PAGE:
Can Hamilton produce another Singapore magic moment? Plus

Can Hamilton produce another Singapore magic moment?

The Singapore Grand Prix has, explains BEN EDWARDS, played an important role in Lewis Hamilton’s Formula 1 career. As the series returns to the Marina Bay Street Circuit for the first time in three years, he faces the latest challenge with an underperforming Mercedes car

Why Sainz is key to Ferrari achieving its chairman's F1 goals Plus

Why Sainz is key to Ferrari achieving its chairman's F1 goals

Although Ferrari's chances of title glory in 2022 have evaporated, chairman John Elkann expects the team to have chalked up both championships by 2026. Both require drivers to play the team game and, having now become more comfortable with the F1-75, Carlos Sainz may be Ferrari's key to title glory

How F1 has tried to avoid repeating its 2014 engine rules mistakes Plus

How F1 has tried to avoid repeating its 2014 engine rules mistakes

With Formula 1’s future engine regulations now agreed, MARK GALLAGHER wonders if they will provide a more competitive field than past attempts actually managed

Formula 1
Sep 26, 2022
How its faltering first turbo car advanced a Williams-Honda glory era Plus

How its faltering first turbo car advanced a Williams-Honda glory era

STUART CODLING charts the development of the Williams FW09, the ugly duckling that heralded the start of the title-winning Williams-Honda partnership

Formula 1
Sep 25, 2022
The Moss-Ferrari farce that current F1 drivers are thankfully spared Plus

The Moss-Ferrari farce that current F1 drivers are thankfully spared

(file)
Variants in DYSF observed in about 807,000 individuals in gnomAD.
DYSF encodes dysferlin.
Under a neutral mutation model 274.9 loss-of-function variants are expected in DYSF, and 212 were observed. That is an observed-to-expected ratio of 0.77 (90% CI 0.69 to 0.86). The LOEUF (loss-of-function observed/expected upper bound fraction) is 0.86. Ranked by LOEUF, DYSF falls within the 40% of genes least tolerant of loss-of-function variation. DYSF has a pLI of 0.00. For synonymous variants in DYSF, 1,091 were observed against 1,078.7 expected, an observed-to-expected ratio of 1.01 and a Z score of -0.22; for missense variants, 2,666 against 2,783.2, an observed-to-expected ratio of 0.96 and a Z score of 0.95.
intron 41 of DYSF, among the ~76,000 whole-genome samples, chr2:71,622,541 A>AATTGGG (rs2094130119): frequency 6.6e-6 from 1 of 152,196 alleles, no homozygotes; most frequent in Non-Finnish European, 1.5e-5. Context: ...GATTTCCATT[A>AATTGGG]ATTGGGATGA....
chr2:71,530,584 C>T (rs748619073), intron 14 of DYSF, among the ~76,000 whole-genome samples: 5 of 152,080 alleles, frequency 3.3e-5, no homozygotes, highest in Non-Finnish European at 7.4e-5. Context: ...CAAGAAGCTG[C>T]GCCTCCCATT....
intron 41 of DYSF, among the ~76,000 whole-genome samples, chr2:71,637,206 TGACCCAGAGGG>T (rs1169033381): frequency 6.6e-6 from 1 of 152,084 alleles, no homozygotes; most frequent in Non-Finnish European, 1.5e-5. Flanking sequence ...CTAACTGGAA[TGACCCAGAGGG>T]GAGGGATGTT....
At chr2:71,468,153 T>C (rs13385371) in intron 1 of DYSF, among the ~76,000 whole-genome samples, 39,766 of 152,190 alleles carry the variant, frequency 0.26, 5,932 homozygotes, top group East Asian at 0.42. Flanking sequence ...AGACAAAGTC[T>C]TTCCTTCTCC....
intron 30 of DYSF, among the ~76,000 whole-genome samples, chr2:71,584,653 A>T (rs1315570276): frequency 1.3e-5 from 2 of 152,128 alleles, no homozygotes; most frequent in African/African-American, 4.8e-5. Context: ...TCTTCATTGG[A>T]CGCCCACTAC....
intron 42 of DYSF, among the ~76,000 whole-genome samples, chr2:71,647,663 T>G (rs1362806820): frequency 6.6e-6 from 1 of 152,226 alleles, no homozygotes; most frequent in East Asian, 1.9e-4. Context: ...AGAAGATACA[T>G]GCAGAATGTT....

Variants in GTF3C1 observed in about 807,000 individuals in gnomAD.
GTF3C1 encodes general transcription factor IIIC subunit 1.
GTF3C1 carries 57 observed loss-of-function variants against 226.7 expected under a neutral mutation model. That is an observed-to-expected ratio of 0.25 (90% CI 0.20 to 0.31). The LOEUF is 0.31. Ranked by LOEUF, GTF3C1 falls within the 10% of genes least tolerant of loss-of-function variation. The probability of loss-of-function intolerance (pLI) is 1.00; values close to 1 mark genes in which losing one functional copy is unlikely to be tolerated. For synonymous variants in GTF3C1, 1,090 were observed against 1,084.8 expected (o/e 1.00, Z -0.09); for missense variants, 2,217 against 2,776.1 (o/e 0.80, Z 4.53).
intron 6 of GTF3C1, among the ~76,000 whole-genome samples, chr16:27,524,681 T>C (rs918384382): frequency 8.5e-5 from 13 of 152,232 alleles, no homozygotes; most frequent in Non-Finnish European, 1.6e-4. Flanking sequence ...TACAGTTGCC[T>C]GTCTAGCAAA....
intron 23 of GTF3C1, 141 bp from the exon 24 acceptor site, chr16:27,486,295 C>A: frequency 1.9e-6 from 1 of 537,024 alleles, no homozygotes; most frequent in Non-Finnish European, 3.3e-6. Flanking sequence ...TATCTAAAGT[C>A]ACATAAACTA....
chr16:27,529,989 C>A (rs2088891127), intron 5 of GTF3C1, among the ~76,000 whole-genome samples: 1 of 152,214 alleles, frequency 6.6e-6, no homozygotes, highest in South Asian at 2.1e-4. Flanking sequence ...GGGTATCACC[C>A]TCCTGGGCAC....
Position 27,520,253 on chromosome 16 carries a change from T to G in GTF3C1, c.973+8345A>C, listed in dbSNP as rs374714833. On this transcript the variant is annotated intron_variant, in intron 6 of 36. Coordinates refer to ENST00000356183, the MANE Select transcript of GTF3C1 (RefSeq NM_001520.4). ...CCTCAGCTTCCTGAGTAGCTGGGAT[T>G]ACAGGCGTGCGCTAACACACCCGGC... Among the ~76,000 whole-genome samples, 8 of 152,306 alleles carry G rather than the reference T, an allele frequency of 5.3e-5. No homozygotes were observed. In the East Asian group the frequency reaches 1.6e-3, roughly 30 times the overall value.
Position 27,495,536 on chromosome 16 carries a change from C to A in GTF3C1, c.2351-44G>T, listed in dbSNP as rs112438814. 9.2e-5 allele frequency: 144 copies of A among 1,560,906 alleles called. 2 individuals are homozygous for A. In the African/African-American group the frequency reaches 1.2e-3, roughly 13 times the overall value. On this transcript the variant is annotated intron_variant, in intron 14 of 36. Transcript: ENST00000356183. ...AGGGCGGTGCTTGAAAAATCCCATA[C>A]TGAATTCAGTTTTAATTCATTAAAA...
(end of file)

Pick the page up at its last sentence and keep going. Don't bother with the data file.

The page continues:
Recent moves within the driver market have reminded MAURICE HAMILTON of a time when contracts weren’t worth the paper they weren’t written on…

Formula 1
Sep 24, 2022
Audi’s innovative first assault on grand prix racing Plus

Audi’s innovative first assault on grand prix racing

It has been a long time coming but Audi’s arrival in Formula 1 is finally on the horizon for 2026. But it won’t be its first foray into grand prix racing, as the German manufacturer giant has a history both long and enthralling

Formula 1
Sep 23, 2022
The seven factors powering Verstappen's 2022 F1 domination Plus

The seven factors powering Verstappen's 2022 F1 domination

After a tooth and nail and, at times, toxic Formula 1 world championship scrap last year, Max Verstappen's march to a second consecutive title has been the exact opposite. But has he really changed in 2022? Here's a dive into what factors have played a crucial role, both inside the Verstappen camp and elsewhere, in the Dutch driver's domination

Formula 1
Sep 23, 2022
Why Hamilton is still the man to keep driving Mercedes forward Plus

Why Hamilton is still the man to keep driving Mercedes forward

Lewis Hamilton’s words in a recent Vanity Fair interview define both his world-view and his approach to this season: one of perpetual struggle against adversity. As GP RACING explains, that’s what Lewis feeds off – and why, far from being down and nearly out, he’s using his unique skillset to spearhead Mercedes’ revival…

Formula 1
Sep 22, 2022